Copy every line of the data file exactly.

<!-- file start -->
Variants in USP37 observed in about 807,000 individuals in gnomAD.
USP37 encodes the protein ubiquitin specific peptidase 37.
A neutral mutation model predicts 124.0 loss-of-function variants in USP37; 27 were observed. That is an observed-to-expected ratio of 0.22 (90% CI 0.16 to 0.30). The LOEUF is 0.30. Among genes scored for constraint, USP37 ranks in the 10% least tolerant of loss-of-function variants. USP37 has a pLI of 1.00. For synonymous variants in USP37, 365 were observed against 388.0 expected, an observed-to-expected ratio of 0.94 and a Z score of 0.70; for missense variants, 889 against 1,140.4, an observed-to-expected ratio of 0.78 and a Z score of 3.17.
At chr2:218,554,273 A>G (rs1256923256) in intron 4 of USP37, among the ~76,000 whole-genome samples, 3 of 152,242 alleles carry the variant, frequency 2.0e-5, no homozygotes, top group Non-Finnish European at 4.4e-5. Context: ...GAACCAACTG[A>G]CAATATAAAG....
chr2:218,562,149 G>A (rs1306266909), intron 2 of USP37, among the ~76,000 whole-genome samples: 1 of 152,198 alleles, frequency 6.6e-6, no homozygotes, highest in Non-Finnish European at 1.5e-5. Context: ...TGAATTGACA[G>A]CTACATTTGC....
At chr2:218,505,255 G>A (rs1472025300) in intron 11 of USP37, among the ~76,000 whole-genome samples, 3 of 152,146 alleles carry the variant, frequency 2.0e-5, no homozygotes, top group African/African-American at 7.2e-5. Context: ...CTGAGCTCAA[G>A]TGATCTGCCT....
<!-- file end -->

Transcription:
Variants in USP37 observed in about 807,000 individuals in gnomAD.
USP37 encodes the protein ubiquitin specific peptidase 37.
A neutral mutation model predicts 124.0 loss-of-function variants in USP37; 27 were observed. That is an observed-to-expected ratio of 0.22 (90% CI 0.16 to 0.30). The LOEUF is 0.30. Among genes scored for constraint, USP37 ranks in the 10% least tolerant of loss-of-function variants. USP37 has a pLI of 1.00. For synonymous variants in USP37, 365 were observed against 388.0 expected, an observed-to-expected ratio of 0.94 and a Z score of 0.70; for missense variants, 889 against 1,140.4, an observed-to-expected ratio of 0.78 and a Z score of 3.17.
At chr2:218,554,273 A>G (rs1256923256) in intron 4 of USP37, among the ~76,000 whole-genome samples, 3 of 152,242 alleles carry the variant, frequency 2.0e-5, no homozygotes, top group Non-Finnish European at 4.4e-5. Context: ...GAACCAACTG[A>G]CAATATAAAG....
chr2:218,562,149 G>A (rs1306266909), intron 2 of USP37, among the ~76,000 whole-genome samples: 1 of 152,198 alleles, frequency 6.6e-6, no homozygotes, highest in Non-Finnish European at 1.5e-5. Context: ...TGAATTGACA[G>A]CTACATTTGC....
At chr2:218,505,255 G>A (rs1472025300) in intron 11 of USP37, among the ~76,000 whole-genome samples, 3 of 152,146 alleles carry the variant, frequency 2.0e-5, no homozygotes, top group African/African-American at 7.2e-5. Context: ...CTGAGCTCAA[G>A]TGATCTGCCT....